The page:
The 2013 CPT Codebook “Instructions for Use of the CPT Codebook,” clearly distinguishes between a “physician or other qualified health care professional” and “clinical staff.” A “physician or other qualified healthcare professional” is an individual who is qualified by education, training, licensure/regulation (when applicable), and facility privileging (when applicable) who performs a professional service within his/her scope of practice and independently reports that professional service. These professionals are distinct from “clinical staff.” A clinical staff member is a person who works under the supervision of a physician or other qualified healthcare professional and who is allowed by law, regulation and facility policy to perform or assist in the performance of a specified professional service, but who does not individually report that professional service.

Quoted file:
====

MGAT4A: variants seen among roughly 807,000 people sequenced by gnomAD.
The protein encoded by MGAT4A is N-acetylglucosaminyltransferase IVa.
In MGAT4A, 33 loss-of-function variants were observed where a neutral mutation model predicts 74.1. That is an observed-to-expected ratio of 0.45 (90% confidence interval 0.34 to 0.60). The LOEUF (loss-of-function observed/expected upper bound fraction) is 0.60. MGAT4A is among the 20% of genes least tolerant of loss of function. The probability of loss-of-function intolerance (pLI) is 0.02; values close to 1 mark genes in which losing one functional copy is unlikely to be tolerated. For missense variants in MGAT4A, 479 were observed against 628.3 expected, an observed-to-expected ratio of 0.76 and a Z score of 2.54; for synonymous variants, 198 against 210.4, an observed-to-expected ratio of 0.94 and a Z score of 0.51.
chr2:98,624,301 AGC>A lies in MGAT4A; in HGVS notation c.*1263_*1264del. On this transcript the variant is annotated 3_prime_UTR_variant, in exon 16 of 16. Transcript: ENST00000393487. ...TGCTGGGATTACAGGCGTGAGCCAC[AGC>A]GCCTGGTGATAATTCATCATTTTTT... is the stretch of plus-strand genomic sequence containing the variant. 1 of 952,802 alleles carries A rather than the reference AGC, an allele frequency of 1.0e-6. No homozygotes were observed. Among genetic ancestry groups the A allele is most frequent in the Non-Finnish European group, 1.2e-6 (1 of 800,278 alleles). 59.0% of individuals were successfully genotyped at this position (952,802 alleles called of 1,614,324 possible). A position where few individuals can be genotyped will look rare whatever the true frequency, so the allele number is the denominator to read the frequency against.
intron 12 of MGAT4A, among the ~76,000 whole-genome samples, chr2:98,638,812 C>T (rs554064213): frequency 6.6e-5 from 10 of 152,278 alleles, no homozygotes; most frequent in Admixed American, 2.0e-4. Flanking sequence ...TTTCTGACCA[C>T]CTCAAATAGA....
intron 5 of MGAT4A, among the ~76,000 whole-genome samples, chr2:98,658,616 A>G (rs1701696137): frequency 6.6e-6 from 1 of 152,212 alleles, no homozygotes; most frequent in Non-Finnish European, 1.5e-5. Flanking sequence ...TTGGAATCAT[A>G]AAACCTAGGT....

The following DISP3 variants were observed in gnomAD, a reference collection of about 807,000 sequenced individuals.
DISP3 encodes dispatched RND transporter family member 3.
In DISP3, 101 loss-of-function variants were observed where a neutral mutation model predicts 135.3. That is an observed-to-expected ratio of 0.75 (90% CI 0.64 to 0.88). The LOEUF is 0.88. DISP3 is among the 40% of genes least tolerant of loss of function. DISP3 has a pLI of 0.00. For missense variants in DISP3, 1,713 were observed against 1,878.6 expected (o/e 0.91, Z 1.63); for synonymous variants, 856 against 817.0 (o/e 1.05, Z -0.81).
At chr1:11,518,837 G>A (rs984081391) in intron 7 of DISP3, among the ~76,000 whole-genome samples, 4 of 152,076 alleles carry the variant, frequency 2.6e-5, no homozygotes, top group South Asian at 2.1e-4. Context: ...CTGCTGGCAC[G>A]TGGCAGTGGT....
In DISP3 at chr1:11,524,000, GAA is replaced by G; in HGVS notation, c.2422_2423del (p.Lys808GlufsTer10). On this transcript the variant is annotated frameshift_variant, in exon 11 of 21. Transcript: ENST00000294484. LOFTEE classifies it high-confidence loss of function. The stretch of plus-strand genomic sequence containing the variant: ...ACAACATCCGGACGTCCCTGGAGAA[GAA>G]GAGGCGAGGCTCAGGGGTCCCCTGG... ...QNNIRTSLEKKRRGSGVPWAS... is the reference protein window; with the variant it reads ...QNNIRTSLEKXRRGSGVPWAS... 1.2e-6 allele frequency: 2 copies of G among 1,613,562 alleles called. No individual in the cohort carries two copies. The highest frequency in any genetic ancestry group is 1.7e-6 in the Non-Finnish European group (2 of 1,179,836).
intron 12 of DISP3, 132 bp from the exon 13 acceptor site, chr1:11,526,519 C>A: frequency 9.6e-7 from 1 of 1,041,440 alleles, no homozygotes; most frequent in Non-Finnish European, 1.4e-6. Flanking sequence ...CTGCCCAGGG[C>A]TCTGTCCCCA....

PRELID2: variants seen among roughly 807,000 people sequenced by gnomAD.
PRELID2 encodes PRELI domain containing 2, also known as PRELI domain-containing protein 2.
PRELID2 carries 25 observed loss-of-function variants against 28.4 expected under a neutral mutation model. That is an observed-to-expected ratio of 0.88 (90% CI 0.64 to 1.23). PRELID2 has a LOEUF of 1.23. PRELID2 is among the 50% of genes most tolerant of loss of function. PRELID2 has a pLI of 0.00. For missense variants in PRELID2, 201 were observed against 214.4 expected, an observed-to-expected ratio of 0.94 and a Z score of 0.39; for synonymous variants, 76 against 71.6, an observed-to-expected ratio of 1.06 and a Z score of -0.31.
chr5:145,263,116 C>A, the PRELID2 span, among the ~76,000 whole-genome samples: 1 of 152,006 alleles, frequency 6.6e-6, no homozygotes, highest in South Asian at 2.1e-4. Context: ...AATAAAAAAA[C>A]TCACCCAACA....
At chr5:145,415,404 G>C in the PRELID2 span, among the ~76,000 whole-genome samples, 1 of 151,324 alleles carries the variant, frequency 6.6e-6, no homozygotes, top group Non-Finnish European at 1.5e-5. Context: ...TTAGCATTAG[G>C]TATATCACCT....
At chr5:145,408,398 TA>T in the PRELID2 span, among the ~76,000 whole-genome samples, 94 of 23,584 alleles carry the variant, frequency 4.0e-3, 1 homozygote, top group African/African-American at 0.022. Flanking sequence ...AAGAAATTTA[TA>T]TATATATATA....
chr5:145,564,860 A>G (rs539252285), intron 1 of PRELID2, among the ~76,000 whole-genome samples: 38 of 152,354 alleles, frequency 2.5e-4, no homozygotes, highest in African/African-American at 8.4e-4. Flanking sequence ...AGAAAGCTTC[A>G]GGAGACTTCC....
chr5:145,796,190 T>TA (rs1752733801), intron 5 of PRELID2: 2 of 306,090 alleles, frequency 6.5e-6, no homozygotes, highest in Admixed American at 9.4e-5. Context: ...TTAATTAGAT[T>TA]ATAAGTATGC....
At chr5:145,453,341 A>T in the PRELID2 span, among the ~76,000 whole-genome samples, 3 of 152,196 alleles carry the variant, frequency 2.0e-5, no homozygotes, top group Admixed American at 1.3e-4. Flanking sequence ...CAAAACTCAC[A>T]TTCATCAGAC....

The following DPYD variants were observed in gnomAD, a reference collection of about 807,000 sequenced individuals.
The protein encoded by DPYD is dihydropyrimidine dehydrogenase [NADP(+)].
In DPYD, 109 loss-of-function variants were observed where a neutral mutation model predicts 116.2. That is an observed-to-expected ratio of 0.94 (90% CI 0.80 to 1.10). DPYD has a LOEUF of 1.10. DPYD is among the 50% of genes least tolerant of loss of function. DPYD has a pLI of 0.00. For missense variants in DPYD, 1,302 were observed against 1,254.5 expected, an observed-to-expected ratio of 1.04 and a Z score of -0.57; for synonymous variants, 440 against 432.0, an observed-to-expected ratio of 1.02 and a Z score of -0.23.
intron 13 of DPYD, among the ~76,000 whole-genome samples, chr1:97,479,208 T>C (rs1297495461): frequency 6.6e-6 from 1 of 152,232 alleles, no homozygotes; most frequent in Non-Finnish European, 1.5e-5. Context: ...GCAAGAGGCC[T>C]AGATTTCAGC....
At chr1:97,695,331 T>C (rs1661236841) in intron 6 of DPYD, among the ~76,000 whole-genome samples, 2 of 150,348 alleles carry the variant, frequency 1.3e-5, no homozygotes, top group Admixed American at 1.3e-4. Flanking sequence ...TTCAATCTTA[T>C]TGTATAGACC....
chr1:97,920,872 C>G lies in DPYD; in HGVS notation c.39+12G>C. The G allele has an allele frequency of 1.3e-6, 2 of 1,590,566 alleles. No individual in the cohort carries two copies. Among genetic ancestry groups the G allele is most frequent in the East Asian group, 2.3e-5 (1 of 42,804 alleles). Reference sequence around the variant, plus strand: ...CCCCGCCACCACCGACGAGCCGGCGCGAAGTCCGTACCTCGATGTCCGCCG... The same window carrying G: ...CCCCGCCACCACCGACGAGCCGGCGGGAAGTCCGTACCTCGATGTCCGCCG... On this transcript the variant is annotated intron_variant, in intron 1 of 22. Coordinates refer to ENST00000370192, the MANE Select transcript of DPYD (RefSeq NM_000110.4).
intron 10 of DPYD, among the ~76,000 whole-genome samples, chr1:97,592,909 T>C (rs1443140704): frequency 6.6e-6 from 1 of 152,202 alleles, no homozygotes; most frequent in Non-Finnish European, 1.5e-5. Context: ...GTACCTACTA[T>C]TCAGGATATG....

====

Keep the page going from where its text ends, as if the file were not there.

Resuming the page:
To qualify as “incident to,” services must be part of the physician patient’s normal course of treatment, during which a physician personally performed an initial service and remains actively involved in the course of treatment. The physician does not have to be physically present in the patient’s treatment room while these services are provided, but they must provide direct supervision, that is, they must be present in the office suite to render assistance, if necessary. The patient record should document the essential requirements for incident to service. For inpatient or outpatient hospital services and services to residents in a Part A covered hospital stay the unbundling provision (1862 (a)(14) provides that payment for all services are made to the hospital by a Medicare intermediary (except for certain professional services personally performed by physicians and other qualified health professionals). Therefore, incident to services are not separately billable to the carrier or payable under the physician fee schedule when rendered in the hospital setting.